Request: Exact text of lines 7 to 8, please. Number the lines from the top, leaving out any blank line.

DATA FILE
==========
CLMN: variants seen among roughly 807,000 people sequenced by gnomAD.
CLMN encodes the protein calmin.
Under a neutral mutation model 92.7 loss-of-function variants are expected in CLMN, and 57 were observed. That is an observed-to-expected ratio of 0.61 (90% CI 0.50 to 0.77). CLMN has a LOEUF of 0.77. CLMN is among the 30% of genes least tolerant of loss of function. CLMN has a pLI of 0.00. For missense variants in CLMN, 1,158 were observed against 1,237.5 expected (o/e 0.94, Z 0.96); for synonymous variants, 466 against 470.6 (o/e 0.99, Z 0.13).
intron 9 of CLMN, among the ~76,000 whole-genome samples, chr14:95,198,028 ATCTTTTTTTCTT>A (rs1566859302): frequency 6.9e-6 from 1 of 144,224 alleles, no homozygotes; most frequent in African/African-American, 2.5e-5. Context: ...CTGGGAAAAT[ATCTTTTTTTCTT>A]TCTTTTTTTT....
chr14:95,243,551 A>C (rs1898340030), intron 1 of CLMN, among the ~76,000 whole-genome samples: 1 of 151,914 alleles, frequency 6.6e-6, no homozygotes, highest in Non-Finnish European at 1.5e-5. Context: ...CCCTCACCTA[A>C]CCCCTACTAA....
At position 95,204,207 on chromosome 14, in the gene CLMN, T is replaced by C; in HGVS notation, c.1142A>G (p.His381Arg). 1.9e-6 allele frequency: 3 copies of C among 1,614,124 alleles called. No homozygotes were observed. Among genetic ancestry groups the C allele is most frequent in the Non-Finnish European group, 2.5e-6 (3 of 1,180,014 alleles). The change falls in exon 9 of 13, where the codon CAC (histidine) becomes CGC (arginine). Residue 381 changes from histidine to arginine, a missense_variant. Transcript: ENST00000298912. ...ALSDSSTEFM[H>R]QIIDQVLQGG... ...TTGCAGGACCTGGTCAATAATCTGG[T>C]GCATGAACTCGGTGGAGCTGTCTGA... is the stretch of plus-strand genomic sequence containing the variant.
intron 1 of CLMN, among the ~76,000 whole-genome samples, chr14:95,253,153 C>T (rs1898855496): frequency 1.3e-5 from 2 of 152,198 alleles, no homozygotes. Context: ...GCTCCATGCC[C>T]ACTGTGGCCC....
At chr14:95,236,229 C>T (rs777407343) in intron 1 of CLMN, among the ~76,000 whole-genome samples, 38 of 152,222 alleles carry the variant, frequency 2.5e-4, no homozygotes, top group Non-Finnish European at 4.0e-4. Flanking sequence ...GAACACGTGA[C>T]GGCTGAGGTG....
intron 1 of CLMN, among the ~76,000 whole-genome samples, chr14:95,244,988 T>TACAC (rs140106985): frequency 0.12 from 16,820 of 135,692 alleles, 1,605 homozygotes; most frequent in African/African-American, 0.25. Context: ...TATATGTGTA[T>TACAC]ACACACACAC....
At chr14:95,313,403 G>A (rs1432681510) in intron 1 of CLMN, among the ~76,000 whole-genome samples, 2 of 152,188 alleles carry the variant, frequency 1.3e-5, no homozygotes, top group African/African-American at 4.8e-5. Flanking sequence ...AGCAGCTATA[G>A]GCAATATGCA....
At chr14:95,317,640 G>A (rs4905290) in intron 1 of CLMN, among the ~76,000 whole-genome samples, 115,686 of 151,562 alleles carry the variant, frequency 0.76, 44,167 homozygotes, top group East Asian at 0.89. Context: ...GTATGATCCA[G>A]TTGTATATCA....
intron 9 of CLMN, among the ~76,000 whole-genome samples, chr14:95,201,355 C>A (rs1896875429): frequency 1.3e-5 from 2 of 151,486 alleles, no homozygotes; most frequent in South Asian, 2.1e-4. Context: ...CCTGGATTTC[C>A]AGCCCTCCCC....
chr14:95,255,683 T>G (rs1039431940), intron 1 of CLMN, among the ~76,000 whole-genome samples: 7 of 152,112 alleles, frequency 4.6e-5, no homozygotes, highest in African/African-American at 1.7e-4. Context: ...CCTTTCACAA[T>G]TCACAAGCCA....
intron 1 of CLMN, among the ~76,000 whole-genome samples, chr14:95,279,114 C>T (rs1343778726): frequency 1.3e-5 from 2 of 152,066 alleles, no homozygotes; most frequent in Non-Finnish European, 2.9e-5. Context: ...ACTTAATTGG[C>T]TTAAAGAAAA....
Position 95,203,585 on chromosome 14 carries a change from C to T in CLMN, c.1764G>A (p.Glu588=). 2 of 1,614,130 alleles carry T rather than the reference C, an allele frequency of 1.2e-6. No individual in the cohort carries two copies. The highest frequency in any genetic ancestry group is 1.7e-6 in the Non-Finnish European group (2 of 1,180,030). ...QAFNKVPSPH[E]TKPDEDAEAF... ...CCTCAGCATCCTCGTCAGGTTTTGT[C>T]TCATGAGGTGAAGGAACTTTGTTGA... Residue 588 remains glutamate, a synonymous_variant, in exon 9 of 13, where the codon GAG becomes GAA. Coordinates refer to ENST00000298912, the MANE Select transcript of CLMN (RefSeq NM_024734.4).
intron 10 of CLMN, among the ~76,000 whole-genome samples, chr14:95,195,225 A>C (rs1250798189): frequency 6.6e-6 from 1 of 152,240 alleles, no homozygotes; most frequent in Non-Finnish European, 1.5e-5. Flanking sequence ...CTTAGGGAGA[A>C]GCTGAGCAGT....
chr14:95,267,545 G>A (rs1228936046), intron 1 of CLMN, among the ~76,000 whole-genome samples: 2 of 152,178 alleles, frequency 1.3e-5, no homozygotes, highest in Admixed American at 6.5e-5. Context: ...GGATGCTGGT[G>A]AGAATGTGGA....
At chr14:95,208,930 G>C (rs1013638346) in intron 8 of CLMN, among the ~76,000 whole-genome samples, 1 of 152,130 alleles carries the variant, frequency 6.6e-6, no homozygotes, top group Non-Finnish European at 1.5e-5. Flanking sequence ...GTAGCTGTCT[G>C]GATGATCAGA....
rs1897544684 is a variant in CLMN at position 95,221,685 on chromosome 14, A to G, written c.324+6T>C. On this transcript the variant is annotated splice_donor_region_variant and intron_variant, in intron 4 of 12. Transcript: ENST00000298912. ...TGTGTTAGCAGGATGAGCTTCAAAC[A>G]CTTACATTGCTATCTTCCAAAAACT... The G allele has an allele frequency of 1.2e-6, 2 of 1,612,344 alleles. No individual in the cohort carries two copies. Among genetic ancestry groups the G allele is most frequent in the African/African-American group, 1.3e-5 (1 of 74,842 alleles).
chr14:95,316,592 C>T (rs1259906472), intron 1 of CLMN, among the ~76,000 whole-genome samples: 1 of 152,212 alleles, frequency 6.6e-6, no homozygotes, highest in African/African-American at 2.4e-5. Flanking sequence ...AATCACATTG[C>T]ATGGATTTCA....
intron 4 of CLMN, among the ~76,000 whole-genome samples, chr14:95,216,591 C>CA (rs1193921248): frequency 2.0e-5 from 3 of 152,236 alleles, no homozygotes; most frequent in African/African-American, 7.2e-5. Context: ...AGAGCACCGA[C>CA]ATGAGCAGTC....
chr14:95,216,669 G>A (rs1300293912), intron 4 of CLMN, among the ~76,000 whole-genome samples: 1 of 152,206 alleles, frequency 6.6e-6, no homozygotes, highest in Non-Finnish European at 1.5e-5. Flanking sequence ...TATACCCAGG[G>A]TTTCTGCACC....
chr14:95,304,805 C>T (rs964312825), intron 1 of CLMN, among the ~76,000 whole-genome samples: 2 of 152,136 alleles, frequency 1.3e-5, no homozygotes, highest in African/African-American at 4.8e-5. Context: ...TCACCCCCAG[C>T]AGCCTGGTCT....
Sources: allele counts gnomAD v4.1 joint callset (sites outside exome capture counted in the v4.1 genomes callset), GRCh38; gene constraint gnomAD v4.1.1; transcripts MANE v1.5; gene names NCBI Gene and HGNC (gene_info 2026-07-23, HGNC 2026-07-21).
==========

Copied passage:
intron 1 of CLMN, among the ~76,000 whole-genome samples, chr14:95,253,153 C>T (rs1898855496): frequency 1.3e-5 from 2 of 152,198 alleles, no homozygotes. Context: ...GCTCCATGCC[C>T]ACTGTGGCCC....
At chr14:95,236,229 C>T (rs777407343) in intron 1 of CLMN, among the ~76,000 whole-genome samples, 38 of 152,222 alleles carry the variant, frequency 2.5e-4, no homozygotes, top group Non-Finnish European at 4.0e-4. Flanking sequence ...GAACACGTGA[C>T]GGCTGAGGTG....